What to Expect From The Hundred

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The Hundred has not gone down well with all cricket enthusiasts, so just what exactly is this new tournament all about.

England cricketer Sarah Taylor

The Hundred is a brand new cricket tournament hoping to revolutionise the game in its inaugural season this summer.

It is the brainchild of the English Cricket Board and will feature eight city-based teams competing in a brand new format, with each team batting for 100 balls, with whoever scores the most runs winning.

The Hundred Format

The hundred balls will be divided into either five or 10-ball segments, as opposed to the ‘over’, the six-ball division of an innings that has existed since the invention of cricket. This is the first major difference between this new tournament and a traditional Twenty20 match, which is composed of 20 overs.

Bowlers and their captains will decide whether they bowl five or 10 balls at once, but the fielding team must switch ends every 10 balls. There will also be a 25-ball power-play in each innings. Each bowler may only bowl 20 balls per innings.

Social Media Backlash

This radical revamping of the structure of a cricket match was not universally hailed, with former MCC chairman Keith Bradshaw labelling it “innovation for innovation’s sake.” Many cricket fans have also voiced their displeasure, with the hashtag “#OpposeThe100” trending on Twitter after the tournament was announced. Despite this, organisers hope it will lead to a more high-octane product that will appeal to a younger, broader audience.

The format of the competition will be that each of the eight teams will play each other once, with four home games and four away. The three top-ranked teams after this will go into the playoffs, with the second and third ranked teams playing a semi-final to earn the right to play the top-ranked team in the final.

Who Are the Teams?

The eight teams are as follows: Birmingham Phoenix, London Spirit, Manchester Originals, Northern Superchargers, Oval Invincibles, Southern Brave, Trent Rockets and Welsh Fire.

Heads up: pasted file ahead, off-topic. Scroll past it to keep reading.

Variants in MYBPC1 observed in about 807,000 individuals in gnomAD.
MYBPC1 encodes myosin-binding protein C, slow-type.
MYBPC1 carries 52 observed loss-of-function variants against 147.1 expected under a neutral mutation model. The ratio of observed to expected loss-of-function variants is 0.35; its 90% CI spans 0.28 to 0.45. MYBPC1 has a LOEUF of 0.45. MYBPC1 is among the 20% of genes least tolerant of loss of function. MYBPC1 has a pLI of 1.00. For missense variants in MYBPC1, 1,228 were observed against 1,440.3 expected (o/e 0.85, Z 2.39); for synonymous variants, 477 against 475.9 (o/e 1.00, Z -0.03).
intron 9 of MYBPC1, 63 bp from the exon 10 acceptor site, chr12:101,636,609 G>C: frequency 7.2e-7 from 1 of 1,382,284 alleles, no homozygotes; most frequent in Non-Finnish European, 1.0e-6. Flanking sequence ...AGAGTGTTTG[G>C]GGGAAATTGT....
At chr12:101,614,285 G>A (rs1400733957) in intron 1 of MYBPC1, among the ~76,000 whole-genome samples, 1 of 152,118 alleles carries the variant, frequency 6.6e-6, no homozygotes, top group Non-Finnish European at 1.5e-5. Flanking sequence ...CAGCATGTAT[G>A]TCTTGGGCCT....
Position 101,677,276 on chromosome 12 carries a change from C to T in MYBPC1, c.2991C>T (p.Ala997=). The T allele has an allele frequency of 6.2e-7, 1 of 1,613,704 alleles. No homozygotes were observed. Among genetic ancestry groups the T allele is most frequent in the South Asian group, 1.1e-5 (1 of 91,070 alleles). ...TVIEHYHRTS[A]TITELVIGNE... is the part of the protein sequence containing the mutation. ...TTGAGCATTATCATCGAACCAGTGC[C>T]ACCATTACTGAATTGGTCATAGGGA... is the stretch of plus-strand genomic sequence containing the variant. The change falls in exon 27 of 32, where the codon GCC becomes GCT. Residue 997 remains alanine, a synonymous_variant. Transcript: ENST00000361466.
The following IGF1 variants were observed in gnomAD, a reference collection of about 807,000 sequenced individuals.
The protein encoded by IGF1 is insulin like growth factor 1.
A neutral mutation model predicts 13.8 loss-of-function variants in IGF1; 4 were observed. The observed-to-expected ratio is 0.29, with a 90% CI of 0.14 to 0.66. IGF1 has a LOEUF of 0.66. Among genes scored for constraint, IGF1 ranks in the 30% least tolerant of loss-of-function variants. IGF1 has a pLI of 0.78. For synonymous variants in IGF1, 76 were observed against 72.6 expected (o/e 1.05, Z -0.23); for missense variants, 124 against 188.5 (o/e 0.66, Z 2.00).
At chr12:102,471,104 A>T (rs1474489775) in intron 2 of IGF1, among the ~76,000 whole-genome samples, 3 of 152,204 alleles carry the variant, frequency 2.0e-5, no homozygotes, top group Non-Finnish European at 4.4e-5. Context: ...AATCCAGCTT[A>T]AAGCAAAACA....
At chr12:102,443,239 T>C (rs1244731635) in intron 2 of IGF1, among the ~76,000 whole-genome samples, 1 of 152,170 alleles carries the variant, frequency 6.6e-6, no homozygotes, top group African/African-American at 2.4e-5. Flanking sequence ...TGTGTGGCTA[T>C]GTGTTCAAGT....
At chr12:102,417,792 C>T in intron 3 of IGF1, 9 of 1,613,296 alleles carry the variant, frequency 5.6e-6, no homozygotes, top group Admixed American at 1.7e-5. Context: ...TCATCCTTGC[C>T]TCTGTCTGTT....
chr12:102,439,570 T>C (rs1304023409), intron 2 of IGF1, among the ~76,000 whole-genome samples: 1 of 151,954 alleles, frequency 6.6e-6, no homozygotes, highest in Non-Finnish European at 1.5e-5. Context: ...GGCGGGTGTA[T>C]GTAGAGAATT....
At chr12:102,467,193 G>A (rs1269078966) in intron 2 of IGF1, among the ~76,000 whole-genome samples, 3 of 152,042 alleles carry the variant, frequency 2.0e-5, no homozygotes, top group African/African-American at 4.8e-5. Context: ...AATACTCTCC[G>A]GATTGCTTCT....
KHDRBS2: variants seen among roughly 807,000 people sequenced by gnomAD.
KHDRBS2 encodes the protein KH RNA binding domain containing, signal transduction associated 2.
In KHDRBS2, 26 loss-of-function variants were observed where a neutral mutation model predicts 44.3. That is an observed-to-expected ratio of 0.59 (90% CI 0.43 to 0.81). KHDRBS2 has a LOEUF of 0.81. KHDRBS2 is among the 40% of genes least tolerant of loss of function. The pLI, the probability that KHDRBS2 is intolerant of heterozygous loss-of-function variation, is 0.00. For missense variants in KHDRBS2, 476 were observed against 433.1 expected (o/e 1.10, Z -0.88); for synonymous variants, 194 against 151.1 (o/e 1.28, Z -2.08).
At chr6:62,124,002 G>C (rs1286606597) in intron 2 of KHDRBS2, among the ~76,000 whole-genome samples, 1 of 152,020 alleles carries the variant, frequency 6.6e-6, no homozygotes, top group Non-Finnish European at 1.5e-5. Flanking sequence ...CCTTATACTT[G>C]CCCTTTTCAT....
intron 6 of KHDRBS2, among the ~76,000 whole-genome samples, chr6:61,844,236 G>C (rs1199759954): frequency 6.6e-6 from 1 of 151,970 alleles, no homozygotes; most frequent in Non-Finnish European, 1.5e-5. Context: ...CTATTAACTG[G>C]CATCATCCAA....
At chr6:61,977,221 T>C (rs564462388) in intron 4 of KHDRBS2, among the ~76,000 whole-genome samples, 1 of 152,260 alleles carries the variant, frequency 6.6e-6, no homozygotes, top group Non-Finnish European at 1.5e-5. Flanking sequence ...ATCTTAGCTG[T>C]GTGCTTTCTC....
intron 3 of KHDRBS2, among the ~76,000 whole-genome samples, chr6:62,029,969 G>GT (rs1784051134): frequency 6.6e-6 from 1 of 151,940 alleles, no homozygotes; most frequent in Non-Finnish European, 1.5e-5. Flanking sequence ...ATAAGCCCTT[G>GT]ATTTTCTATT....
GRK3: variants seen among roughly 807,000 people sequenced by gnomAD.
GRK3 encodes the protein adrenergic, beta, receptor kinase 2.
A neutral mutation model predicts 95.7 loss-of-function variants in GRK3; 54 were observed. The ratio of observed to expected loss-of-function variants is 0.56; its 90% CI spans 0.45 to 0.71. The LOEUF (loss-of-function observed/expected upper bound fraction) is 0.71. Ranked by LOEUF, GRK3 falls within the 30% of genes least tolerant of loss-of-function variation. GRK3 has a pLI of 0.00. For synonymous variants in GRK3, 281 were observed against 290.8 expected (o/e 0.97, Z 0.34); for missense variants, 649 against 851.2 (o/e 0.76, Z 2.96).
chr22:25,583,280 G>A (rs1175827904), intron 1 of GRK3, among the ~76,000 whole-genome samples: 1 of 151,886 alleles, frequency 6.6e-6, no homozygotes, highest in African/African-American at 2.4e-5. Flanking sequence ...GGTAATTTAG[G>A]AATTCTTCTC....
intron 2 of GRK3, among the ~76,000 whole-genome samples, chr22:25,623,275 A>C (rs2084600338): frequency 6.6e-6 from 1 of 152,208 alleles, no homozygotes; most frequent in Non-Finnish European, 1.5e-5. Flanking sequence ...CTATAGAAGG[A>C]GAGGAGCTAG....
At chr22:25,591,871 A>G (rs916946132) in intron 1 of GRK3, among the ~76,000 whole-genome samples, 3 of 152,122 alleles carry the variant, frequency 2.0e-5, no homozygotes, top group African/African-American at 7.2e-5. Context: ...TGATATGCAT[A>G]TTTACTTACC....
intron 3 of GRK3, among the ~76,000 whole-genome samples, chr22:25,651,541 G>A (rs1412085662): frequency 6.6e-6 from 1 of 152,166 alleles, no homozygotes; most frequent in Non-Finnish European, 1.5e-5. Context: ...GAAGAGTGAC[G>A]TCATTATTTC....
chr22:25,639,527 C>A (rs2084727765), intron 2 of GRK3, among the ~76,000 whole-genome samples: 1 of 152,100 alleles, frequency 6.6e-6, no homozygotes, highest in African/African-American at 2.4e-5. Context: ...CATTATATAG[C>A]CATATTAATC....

The players have been drafted to their team, with three overseas players allowed on each team. Almost all of the matches will be played as doubleheaders, with the women’s game in the afternoon and the men’s game in the evening. This is part of a wider strategy to integrate the male and female versions of the tournament, with equal prize money on offer for both.

Who Will be Lifting the Trophy?

With a tournament filled with so many unknowns, it is understandable that the betting for the men’s game is so open, with favourites Southern Brave in at 9/2 and outsiders Northern Superchargers 15/2. However, taking into account that the Test series against India will coincide with the latter stages of the competition, it may be worth opposing sides with a strong representation in England’s Test team.

As a result of that, at the prices, Welsh Fire are interesting at 13/2.

Ollie Pope is their sole representative likely to get called up to the Test side and, in Jonny Bairstow and Tom Banton, they have a formidable early-order duo. Liam Plunkett will be their star bowler and Kieron Pollard is a strong all-rounder who will contribute with both bat and ball.

*All odds correct at time of writing

Rob has around 20 years journalism experience and has written and commentated on the likes of football, cricket and rugby. He also has an impressive background in racquet sports and regularly provides content on the likes of tennis and badminton.

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